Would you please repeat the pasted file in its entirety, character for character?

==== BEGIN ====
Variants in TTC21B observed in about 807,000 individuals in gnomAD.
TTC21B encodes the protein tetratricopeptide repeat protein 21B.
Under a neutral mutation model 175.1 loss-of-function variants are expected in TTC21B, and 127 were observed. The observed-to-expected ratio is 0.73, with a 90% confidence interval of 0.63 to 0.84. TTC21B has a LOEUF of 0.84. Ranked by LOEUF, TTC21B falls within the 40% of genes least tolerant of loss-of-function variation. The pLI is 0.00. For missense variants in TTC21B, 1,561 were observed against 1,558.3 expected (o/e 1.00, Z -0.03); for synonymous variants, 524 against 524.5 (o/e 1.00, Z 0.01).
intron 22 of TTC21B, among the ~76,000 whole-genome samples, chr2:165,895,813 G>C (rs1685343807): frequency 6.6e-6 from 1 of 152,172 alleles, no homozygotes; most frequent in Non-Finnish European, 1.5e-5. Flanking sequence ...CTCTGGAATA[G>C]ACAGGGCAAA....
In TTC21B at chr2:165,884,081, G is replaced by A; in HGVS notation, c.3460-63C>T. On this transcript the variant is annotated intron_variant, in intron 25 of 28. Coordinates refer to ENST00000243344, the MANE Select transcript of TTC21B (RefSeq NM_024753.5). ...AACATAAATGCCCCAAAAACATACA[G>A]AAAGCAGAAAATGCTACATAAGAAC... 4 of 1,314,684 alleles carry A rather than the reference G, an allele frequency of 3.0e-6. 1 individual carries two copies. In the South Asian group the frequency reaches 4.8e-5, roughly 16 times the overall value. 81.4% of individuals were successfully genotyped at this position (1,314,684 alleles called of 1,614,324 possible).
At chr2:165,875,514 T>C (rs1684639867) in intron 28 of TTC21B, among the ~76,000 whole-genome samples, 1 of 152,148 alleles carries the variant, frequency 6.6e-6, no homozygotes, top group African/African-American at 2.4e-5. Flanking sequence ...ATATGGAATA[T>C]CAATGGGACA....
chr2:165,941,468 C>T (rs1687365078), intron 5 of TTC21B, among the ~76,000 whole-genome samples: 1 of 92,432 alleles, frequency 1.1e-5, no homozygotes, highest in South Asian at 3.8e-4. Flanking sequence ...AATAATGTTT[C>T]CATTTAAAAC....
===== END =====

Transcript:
Variants in TTC21B observed in about 807,000 individuals in gnomAD.
TTC21B encodes the protein tetratricopeptide repeat protein 21B.
Under a neutral mutation model 175.1 loss-of-function variants are expected in TTC21B, and 127 were observed. The observed-to-expected ratio is 0.73, with a 90% confidence interval of 0.63 to 0.84. TTC21B has a LOEUF of 0.84. Ranked by LOEUF, TTC21B falls within the 40% of genes least tolerant of loss-of-function variation. The pLI is 0.00. For missense variants in TTC21B, 1,561 were observed against 1,558.3 expected (o/e 1.00, Z -0.03); for synonymous variants, 524 against 524.5 (o/e 1.00, Z 0.01).
intron 22 of TTC21B, among the ~76,000 whole-genome samples, chr2:165,895,813 G>C (rs1685343807): frequency 6.6e-6 from 1 of 152,172 alleles, no homozygotes; most frequent in Non-Finnish European, 1.5e-5. Flanking sequence ...CTCTGGAATA[G>C]ACAGGGCAAA....
In TTC21B at chr2:165,884,081, G is replaced by A; in HGVS notation, c.3460-63C>T. On this transcript the variant is annotated intron_variant, in intron 25 of 28. Coordinates refer to ENST00000243344, the MANE Select transcript of TTC21B (RefSeq NM_024753.5). ...AACATAAATGCCCCAAAAACATACA[G>A]AAAGCAGAAAATGCTACATAAGAAC... 4 of 1,314,684 alleles carry A rather than the reference G, an allele frequency of 3.0e-6. 1 individual carries two copies. In the South Asian group the frequency reaches 4.8e-5, roughly 16 times the overall value. 81.4% of individuals were successfully genotyped at this position (1,314,684 alleles called of 1,614,324 possible).
At chr2:165,875,514 T>C (rs1684639867) in intron 28 of TTC21B, among the ~76,000 whole-genome samples, 1 of 152,148 alleles carries the variant, frequency 6.6e-6, no homozygotes, top group African/African-American at 2.4e-5. Flanking sequence ...ATATGGAATA[T>C]CAATGGGACA....
chr2:165,941,468 C>T (rs1687365078), intron 5 of TTC21B, among the ~76,000 whole-genome samples: 1 of 92,432 alleles, frequency 1.1e-5, no homozygotes, highest in South Asian at 3.8e-4. Flanking sequence ...AATAATGTTT[C>T]CATTTAAAAC....